In my role as medical director of the Moss Clinic, I present a “mission moment” case. This because these honorable volunteers on the board are mostly from other industries, and this provides some understanding of the kinds of issues our patients bring us.
This case was C.M., a 45 year old African American with Crohn’s Disease – and was a great example of “sinking the ship for a ha’p’orth of tar.”
Crohn’s causes erosion of the intestinal lining, but he’d been on Remicade, which is one of the new “biologicals” that blocks the inflammatory reaction, and was doing pretty well he told me.
Then he suffered the “Catch-22 of American medicine.”
He got sick to the point where he couldn’t work, lost his job, and with it, of course, his health insurance.
Moss Clinic caters to patients with no insurance, so he was able to come to us. He was having abdominal pain, bloody diarrhea, and his weight had dropped from 145 to 127 lb.
I made a referral to gastroenterology - but it takes several weeks to get somebody in. Or, at Moss we can sometimes get medicines through a Patient Assistance Program. But our pharmacy told me it would take 4 to 6 weeks for approval.
A week later, I hear C. M. has been admitted to Mary Washington, bleeding profusely and needing transfusions (his blood count had dropped from a hemoglobin that should be 13 or above, to 5.6.).
A “Ha’p’orth of Tar” and Profitability
This quaint old expression means spoiling the whole project for stinting on that last little bit of “tar.” Last little expense, which in this case was his Remicade.
That’s all he needed to keep him well. So why didn’t he just get a prescription and fill it?
For the simple reason that without insurance Remicade costs $1,300 a pop for the medicine, but which has to be given as an infusion every two weeks. And when you add the price of administration it puts the cost up to about $2,800.
Whenever I have heard anyone complaining about the outrageous price of medicines, they never seem to go on to ask “are the high prices justified. Are the drug companies being unreasonable?”
The industry always justifies their high prices on the costs of development being so high. But this is blowing smoke, claims Gerard Anderson, Professor of Health Policy and management at Johns Hopkins, reported by CNBC, saying “research and development is only about 17 percent of total spending in most large drug companies.”
Unlike other countries, there is no control on the price of drugs in the US – so prices rise continuously, far outstripping cost of living. A study by the University of Pittsburgh reports the net price of drugs rose more than 3 times the rate of inflation between 2007 and 2018.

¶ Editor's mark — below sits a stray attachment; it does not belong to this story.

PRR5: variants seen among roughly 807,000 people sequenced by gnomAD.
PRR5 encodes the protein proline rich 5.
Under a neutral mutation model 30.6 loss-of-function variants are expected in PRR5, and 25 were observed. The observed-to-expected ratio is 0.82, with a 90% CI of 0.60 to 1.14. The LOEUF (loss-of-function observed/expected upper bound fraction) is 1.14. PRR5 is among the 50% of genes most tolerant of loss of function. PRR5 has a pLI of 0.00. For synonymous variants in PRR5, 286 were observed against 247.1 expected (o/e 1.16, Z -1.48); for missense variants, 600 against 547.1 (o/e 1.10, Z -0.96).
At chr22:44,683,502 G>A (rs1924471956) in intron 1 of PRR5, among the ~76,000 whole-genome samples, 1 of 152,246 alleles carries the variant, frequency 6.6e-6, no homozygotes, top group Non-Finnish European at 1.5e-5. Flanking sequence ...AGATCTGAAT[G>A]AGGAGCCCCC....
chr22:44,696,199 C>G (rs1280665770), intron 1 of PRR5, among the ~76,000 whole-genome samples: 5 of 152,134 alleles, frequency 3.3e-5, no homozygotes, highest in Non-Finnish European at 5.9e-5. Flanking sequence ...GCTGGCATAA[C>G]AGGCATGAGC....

The companies use many fandangles to able to be so profitable – using multiple devious tricks to maintain a drugs patent/exclusivity. Aggressively selling to doctors and the public. And it seems likely many of the policies, including Medicare being forbidden from negotiating group discounts, restrictions on importing medicines so drugs cost twice as much in the US - all of which could be changed by legislation - are likely the result of the massive amounts the industry spends on lobbying. $306 million in 2020 for example - according to Statista.com.
All this makes pharmaceuticals far more profitable than other industries – in 2017 for example they had a profit margin between 15% and 20%, - compared to between 4% and 9% for other industries, reports Biopharma.
At the risk of seeming to get on my moral high horse, I would like to challenge the morality of the pharmaceutical industry.
Companies price their medicines according to “what the market will bear.” But if you are liable to die without it, you’re likely willing to pay quite a lot.
They also claim their drugs save a lot of down-stream expenses – and it’s true, C.M.’s hospital charges would probably have paid for a lot of Remicade. But without single payer healthcare, there’s no way for the hospital, that bears the expense of C. M.’s unpaid bill, to provide that preventative “Ha’p’orth of Tar.” Paying for outpatient medicines comes from a different “pocket.”
I suggest, if the industry put the wellbeing of their consumers before profiteering, they could reduce their prices. But, to ask them to do that would rely on drug company philanthropy, which is probably an oxymoron, and naïve.
Their polices seem to be in keeping with the morality of many of the super-wealthy, judging by the recent report from the IRS on the 1 percenters, like Jeff Bazos and Elon Musk. They don’t seem to see a moral obligation to their community – not when it comes to taxes. To the tune of some $163 billion.
Why we tolerate a system where a “ha’penny’s” worth of Remicade can’t be had by the C.M.’s of this world. Where we don’t practice prevention because the financial incentives are all screwed up, I guess is a question we should put to our spineless politicians.